Ugh. Now I have to finalize my pattern and then start cutting out. I HATE cutting out. I think I'm going to go play video games (see? I can't even bring myself to do something intellectually productive like read) and sulk.
posted by démodé 12:05 AM
Tuesday, January 25, 2005
Nearing the bodice finish line...
Okay, so once we had a fitted bodice pattern it was time to move it to a kimono bodice (with the sleeve cut all in one with the bodice). I was a bit nervous about doing this because it seemed complicated, but it wasn't too bad. It is, however, DEFINITELY something you have to draft, so my borrowed copy of Principles of Flat Pattern Design came in handy.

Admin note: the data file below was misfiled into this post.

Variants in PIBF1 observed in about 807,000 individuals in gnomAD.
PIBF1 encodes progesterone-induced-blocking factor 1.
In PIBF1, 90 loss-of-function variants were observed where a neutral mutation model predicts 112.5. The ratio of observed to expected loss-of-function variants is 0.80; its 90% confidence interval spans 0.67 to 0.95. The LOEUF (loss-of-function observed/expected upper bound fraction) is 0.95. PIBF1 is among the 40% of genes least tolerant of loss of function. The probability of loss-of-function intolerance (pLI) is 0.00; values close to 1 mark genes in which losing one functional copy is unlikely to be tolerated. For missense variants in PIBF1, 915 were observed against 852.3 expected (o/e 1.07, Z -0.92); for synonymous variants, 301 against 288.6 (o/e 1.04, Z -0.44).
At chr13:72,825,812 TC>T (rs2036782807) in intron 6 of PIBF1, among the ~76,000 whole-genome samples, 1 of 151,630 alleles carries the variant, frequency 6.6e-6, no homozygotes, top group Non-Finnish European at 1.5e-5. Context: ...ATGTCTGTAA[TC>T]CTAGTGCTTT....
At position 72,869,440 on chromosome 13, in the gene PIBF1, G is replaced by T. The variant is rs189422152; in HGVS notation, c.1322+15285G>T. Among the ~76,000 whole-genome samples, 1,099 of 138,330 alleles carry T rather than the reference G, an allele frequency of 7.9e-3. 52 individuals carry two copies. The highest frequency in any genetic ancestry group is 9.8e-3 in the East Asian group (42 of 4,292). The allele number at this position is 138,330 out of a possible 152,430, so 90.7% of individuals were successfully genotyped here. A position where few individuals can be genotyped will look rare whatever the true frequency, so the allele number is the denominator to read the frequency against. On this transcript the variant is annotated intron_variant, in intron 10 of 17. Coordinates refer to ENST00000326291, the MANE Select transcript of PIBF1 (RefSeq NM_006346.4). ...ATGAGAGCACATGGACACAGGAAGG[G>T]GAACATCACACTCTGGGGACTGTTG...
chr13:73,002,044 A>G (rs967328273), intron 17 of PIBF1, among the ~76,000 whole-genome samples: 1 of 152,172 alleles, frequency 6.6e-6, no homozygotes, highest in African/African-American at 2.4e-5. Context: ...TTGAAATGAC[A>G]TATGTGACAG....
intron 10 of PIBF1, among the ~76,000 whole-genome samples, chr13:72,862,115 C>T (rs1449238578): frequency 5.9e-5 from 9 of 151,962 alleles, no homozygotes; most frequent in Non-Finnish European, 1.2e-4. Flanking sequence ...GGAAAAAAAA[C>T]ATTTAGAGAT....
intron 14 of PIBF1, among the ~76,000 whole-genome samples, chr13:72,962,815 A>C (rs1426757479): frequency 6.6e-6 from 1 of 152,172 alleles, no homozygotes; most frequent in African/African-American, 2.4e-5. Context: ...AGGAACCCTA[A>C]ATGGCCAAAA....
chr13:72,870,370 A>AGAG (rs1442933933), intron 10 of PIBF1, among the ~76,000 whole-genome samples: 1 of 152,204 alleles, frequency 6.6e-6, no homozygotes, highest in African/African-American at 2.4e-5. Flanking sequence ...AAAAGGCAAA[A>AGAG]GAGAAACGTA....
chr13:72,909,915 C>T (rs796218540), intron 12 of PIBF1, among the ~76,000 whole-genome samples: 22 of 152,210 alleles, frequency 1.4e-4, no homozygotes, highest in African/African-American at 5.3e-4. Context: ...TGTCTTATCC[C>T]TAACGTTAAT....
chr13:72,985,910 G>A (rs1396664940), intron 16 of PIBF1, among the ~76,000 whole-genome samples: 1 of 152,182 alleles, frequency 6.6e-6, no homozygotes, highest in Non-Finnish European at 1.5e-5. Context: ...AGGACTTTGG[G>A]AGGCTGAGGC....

This is a terrible picture, I know, but I was too lazy to do any better.
After my usual amazement that it worked, I studied image captures of the original dress to figure out what tweaks needed to be made. There was more fullness under the arm than the near right angle that I ended up with, so I wondered for a bit if the original was a batwing sleeve. But given that there wasn't THAT much fullness, I decided to just lower and curve the intersection between the side seam and the sleeve. Also, it was only after I'd made this mockup that I realized that there was no shoulder/top sleeve seam. The muslin I'm working with is too narrow to do this, but once I cut out the real thing the front and back will be one piece.